Who can really know? I tend to side with Cleamon’s point of view. Falling poll numbers show how successful the Cheney/Rumfield cabal has been. Perhaps this represents movement towards a new cabal of Bush/Negreponti/Hayden. And what’s with Hastert? Let’s hope that Nov 06 provides an opportunity for more light.

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  18. NeilS says:

    The problem is structural. I don’t see how military intelligence can be under the direction of both the DNI and the Defense Department. This is an untenable situation no matter how you play the politics. They cannot answer to two bosses.

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  19. dancing madly backwards says:

    To get to the bottom of what this shake-up is all about, one must ask, “What sort of Evil are these guys up to this time?” They are taking the initiative in these acts in order to accomplish something. This is a “next step,” a move towards a goal. Something big is up. They are on the offensive. “We Won’t Back Down – We never have. – We never will.” says it all about what they’re up to. Damn, the torpedoes full speed ahead with imposing their ideology and world view on the country and the world.

    Reply

  20. Chris says:

    I agree with elle loco. IF there is any turf battle going on between them, Negroponte needs to use someone else, not Hayden. When you start with the whole NSA spying thing and add to it this (http://www.tpmmuckraker.com/archives/000592.php), it makes him sound terribly bad for the CIA.

    Reply

  21. PW says:

    Steve, your sunny view is very appealing but sad. Hastert’s a dead man, so dead that one has to be reminded who he is. In fact, he may have spoken out just to remind us that he’s still around. Like, uh, Denny, who cares!
    Then, too, I find it exceedingly hard to believe that Hayden is anything less than a stalking horse for the Pentagon. And it’s the Pentagon that’s the biggest, worstest, nastiest, scariest monster we know, way worse than Ahmadinejad or bin Laden.
    The oldster in me wishes to remind you kids that if, 20 years ago, we had known that Cheney, Rumsfeld, Negroponte and the rest of that gang would have as much power as they do today, we’d have… but hell, we should have known!!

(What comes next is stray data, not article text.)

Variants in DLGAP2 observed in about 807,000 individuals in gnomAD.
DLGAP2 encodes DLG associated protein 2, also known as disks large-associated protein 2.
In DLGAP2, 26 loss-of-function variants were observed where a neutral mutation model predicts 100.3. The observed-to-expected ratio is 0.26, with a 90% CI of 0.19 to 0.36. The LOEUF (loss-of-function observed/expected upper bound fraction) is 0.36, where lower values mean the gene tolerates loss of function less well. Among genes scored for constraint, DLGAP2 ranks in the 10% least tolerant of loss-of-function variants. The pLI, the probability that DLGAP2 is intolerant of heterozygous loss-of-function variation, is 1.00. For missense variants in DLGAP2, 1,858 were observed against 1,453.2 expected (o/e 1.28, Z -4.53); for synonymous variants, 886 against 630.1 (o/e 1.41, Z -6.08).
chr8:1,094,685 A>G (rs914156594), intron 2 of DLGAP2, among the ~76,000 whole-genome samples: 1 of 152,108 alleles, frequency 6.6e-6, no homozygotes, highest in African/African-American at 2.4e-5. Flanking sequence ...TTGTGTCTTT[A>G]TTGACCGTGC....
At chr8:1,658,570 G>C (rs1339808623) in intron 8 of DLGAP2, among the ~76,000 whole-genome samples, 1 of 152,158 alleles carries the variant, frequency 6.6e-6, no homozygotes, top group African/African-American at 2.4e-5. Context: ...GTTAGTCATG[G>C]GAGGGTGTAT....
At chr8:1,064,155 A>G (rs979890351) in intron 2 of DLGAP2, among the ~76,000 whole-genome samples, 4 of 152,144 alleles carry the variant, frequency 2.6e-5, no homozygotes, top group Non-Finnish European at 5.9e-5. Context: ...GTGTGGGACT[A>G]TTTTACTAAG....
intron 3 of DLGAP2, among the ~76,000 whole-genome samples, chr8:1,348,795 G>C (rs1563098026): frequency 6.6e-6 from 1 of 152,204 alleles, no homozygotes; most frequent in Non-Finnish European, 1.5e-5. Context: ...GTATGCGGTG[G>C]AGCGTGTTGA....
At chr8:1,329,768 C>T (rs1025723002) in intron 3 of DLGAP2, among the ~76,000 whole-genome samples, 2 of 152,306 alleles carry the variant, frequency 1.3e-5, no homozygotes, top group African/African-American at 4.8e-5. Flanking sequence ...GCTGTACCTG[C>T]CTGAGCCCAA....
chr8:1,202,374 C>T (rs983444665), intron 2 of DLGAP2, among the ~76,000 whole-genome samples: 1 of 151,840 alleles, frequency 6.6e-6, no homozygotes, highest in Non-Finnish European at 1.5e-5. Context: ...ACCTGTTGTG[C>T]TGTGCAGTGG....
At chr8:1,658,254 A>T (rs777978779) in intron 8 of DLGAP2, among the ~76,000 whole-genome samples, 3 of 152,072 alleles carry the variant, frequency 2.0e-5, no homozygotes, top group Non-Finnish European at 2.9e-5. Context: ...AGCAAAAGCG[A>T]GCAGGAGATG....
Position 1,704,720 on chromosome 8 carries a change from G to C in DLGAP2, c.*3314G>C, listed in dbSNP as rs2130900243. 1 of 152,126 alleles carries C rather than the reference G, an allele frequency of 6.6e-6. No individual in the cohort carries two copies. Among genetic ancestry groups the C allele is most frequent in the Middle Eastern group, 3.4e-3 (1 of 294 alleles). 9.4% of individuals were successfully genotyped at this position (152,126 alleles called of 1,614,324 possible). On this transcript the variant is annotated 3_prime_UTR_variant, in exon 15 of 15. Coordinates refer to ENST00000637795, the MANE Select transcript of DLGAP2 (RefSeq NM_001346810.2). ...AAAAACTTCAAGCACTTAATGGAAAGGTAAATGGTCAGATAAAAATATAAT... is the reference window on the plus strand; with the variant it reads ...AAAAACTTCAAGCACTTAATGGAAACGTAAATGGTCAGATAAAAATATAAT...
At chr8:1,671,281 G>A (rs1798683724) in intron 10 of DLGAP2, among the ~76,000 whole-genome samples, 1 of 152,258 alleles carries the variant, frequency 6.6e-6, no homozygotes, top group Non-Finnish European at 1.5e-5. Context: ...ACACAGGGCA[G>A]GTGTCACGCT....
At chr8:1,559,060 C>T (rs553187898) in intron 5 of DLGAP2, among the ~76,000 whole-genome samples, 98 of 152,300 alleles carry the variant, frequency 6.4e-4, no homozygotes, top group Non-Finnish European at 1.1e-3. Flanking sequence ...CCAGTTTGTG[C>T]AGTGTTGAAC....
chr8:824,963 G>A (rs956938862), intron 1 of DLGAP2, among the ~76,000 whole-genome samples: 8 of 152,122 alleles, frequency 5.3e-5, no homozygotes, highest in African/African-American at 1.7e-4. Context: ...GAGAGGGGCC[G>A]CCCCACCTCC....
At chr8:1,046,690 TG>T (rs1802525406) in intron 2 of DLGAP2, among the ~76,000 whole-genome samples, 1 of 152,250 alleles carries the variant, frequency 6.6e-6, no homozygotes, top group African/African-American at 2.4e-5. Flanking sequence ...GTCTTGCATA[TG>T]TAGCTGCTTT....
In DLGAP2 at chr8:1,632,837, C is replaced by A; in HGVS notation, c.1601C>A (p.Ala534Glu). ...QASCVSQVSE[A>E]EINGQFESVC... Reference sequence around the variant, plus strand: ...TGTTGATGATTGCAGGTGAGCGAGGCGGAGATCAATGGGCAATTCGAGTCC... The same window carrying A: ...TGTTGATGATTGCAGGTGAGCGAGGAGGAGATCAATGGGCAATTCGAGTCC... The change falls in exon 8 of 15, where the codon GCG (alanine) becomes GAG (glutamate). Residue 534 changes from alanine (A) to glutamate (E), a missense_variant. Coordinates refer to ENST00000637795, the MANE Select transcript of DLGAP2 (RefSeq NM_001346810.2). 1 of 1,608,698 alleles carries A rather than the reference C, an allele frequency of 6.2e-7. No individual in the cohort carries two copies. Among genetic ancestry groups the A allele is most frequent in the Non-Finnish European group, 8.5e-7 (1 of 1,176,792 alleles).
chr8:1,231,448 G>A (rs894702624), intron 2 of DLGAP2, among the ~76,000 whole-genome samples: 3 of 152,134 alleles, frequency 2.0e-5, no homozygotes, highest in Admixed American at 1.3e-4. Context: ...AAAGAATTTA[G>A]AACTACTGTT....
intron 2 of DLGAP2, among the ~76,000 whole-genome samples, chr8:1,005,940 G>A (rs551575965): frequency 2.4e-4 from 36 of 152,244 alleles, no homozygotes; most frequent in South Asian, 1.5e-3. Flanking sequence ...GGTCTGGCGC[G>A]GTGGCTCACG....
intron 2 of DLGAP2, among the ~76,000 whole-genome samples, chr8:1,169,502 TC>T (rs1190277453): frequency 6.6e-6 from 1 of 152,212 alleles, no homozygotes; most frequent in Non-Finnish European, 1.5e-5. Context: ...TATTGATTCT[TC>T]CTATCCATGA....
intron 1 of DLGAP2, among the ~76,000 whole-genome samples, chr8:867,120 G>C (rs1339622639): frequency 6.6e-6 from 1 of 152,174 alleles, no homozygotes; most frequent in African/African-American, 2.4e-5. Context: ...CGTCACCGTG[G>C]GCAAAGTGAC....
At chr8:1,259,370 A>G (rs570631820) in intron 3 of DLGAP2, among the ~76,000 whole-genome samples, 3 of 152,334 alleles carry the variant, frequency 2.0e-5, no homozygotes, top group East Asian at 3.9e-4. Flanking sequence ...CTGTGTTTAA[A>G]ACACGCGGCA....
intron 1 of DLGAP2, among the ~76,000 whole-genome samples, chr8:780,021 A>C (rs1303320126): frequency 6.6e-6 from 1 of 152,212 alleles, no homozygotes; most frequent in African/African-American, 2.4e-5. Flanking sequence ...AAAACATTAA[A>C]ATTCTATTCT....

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  22. elle loco says:

    Steve, the eavesdropping program is an absolute abomination and a dealbreaker. No sentient American citizen and patriot should want to see this Hayden character atop the CIA–all this bureaucratic politics is second-order stuff compared to the erosion of our fundamental rights and civil liberties. Let Negroponte find another dog for that hunt. Screw Hayden.

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  23. da powah says:

    Hastert is against the Bush nomination of Hayden in order for the Republicans in the legislative branch to distance themselves and delibrately to put themselves at odds with an Executive at 31% approval, so that the midterms will be between two parties against Bush, instead of just the Dems. Everybody runs against Bush in the midterms, muddle the differences between candidates, and the Republicans have a chance to retain power.

    Reply

  24. TSop says:

    This group is all in this together! There is no checking of anything! GET REAL. Old Washington discussions of turf wars and infighting is bullshit. These guys are going into Iran with nukes and are circling the wagons.

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  25. tjschill says:

    Ah, Steve… last I checked Bush was the Decider… and he decided on Hayden… And we all know Bush is devoid of Intelligence, so these strings are being pulled by OVP and the cabal… I’m not drinking the Kool Aide on this one, and its looks like pretty devious spin designed to win over those who otherwise would be Hayden detractors… Keep drinking from the chalace…

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  26. Nell says:

    Even if one accepts your (so far lightly supported) analysis of the Hayden-Negroponte vs. Rumsfeld-Boykin struggle, shouldn’t the Rumsfeld end of the spectrum be described as Rumsfeld-Cambone-Boykin? Cambone is Boykin’s direct boss, and the person charged with “overseeing” the special access programs Rumsfeld set up after the September 11 attacks.

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  27. Greg says:

    Aren’t you concerned about this?
    “While director of the National Security Agency, Gen. Michael V. Hayden contracted the services of a top executive at the company at the center of the Cunningham bribery scandal, according to two former employees of the company.”
    http://www.tpmmuckraker.com/archives/000581.php

    Reply

  28. Pedro says:

    What makes this line of opposition so incredibly stupid is that Admiral Stansfield Turner served as the Chief of the CIA under President Carter.
    I do not hear any allegations or comments from the press (or anyone else) that Admiral Turner did a poor job because of his military background.

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  29. cs says:

    I find the player and the moves in all this most confusing. You and others hold there is a battle being waged, but how do we know it’s not for show? I wish there was more concrete evidence of this tug-of-war between Rumsfeld and Negroponte; I don’t really see Cheney and Rummy folks on opposite sides, myself.

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  30. canker says:

    Steve–
    You may be correct, but you are not making your case where anyone can judge it. Is there no one who can stand up to Rumsfeld who isn’t on active duty and on the record as having a dubious understanding of the Fourth Amendment? Is there no one who isn’t likely to be a witness or a defendant if the administration’s wiretapping shenanigans ever get to court?
    Hastert appears to be expressing reasonable reservations.

    Reply